On May 30, citizens from Newtown, a majority-Black, working-class community within Sarasota, attended a meeting of the Sarasota Police Complaint Committee to participate in a community speak-out. The committee allows citizens to voice their complaints regarding police conduct. Joining them were community organizers representing the Black Lives Matter chapter of Manasota, the Suncoast branch of the ANSWER Coalition, and the Rodney Mitchell Foundation, as well as other local activists from the Sarasota-Bradenton area.
Ruth Beltran, an organizer with ANSWER Suncoast and Black Lives Matter Tampa, laid out the purpose for the community speak-out: “I am here to urge you to look into these matters. We have a dangerous police officer in the streets; that’s what Brandon Vermillion is. We have two recent incidents [of police brutality], one in March and one in April.”
Sarasota Police Officer Brandon Vermillion, to whom Beltran referred, is notorious in the Newtown community for his frequent harassment of Black citizens. As of now, one of the immediate demands of local activists is for Vermillion to be removed from the police force.
The first of these two recent incidents occurred in late March, when Chad Washington, a local man, while suffering a medical emergency in his own home, was brutally beaten and nearly killed by Sarasota PD officers. Darnesha McMillan, Washington’s fiancé, called for an ambulance when she realized there was an emergency. But instead of emergency medical services, SPD officers arrived at her home.
McMillan, a working mother of three children, took time out of her day to speak before the committee and against the narrative put forward by the Sarasota Police Department and some local press. As she attested before the committee on Wednesday, “The officers did not [identify themselves]. They just came in and beat [Chad] with no questions asked. They came in unannounced. We had no knowledge that the officers were even coming. It was not explained to me that they would be dispatched as well. I was told that EMS would be arriving. EMS never arrived. It’s been said that EMS showed up, but they didn’t. They came after the incident already had ended.”
According to McMillan, the responding officers attacked Washington while he was still incapacitated due to his medical condition, pinned him on the ground against a police vehicle, and proceeded to use a Taser on him, 13 times according to an official report, causing his heart to stop. During the assault one of the officers among the four who responded pulled out a pair of handcuffs and used them to beat Washington as he was on the ground being electrocuted. One of McMillan’s neighbors recorded a few minutes of video of the tasing on her phone, and uploaded it to Facebook; it quickly went viral and was reported by local news.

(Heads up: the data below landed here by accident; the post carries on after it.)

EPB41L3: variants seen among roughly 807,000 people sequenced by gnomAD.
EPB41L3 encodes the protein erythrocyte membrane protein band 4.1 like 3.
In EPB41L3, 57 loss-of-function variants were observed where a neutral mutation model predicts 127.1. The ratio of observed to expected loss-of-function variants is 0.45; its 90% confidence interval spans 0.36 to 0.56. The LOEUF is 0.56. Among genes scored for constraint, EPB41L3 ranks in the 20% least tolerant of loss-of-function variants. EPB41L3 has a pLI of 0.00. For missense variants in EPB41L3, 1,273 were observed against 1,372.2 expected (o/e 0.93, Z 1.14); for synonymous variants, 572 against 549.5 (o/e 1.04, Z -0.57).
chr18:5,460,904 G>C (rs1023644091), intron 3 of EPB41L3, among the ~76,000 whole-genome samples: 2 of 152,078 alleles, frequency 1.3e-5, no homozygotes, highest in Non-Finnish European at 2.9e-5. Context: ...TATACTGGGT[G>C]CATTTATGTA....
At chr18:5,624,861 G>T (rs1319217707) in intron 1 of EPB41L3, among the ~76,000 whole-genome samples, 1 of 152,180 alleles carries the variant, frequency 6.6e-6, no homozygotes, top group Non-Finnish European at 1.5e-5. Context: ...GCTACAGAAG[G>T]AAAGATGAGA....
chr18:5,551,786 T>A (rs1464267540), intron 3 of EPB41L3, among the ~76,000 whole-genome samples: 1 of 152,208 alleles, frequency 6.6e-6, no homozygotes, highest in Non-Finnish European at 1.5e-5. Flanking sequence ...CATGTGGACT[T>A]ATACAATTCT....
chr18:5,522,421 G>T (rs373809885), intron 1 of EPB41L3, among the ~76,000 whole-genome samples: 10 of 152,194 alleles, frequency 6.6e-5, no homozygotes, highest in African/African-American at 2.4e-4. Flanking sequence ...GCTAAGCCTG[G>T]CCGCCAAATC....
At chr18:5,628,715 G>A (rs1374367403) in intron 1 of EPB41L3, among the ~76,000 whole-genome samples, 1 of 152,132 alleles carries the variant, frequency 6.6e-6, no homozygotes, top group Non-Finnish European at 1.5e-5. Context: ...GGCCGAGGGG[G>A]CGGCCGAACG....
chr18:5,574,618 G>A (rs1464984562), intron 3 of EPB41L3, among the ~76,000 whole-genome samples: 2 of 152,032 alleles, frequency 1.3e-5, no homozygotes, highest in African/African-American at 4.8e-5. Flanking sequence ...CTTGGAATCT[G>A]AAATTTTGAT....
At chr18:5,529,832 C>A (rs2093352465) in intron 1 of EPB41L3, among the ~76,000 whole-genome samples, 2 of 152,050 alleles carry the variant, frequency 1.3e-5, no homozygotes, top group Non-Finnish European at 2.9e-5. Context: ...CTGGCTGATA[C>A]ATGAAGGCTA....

The video not only shows that Washington was incapacitated and in severe pain, but also that his fiancé and her three children looked on helplessly as he was electrocuted and beaten. The children can be heard screaming at the officers to stop. As one repeatedly deploys a Taser on Washington, another officer watches and then beats him using the pair of handcuffs, while two others forcefully keep the family away from their loved one.
Despite the video evidence and eye-witness testimony, an internal investigation conducted by the Sarasota Police Department found that the officers acted appropriately. Sarasota Chief of Police Bernadette DiPino went so far as to say that the officers “showed restraint” by not killing Washington, implying that, even if he had died, the officers would not have been held responsible. Not only this, but she noted that the police department could have charged McMillan and her children for interfering with the officers’ actions. To add racist insult to racist injury, DiPino has also pushed the narrative that Washington, a Black man, was “behaving like an animal” and insinuated that he may have taken drugs which caused him to “not feel pain” and “behave aggressively” — common rhetorical tactics used to dehumanize Black victims of police brutality.
Washington received treatment at a local hospital following his brutalization by Sarasota police. He now faces multiple felony charges for allegedly battering the officers who attacked him, and is currently being held at the Sarasota County Jail. Meanwhile, the Sarasota Housing Authority has threatened to evict McMillan and her three children from their subsidized housing in retaliation for McMillan’s participation in community protests and speak-outs since her fiancé’s brutalization.
McMillan has not yielded an inch. Wednesday’s committee hearing was the fifth such action she has attended. She was unequivocal: “What the officers did to Chad was enough to kill a person. And that was Officer Vermillion’s intent — to kill Chad.”
Carolina Zitran, a resident of Sarasota, denounced the brutality against Washington, saying of the police, “Anyone who shoots an unarmed person is a coward, especially if they are running away. Any group of people who beat or abuse an unarmed person are cowards.”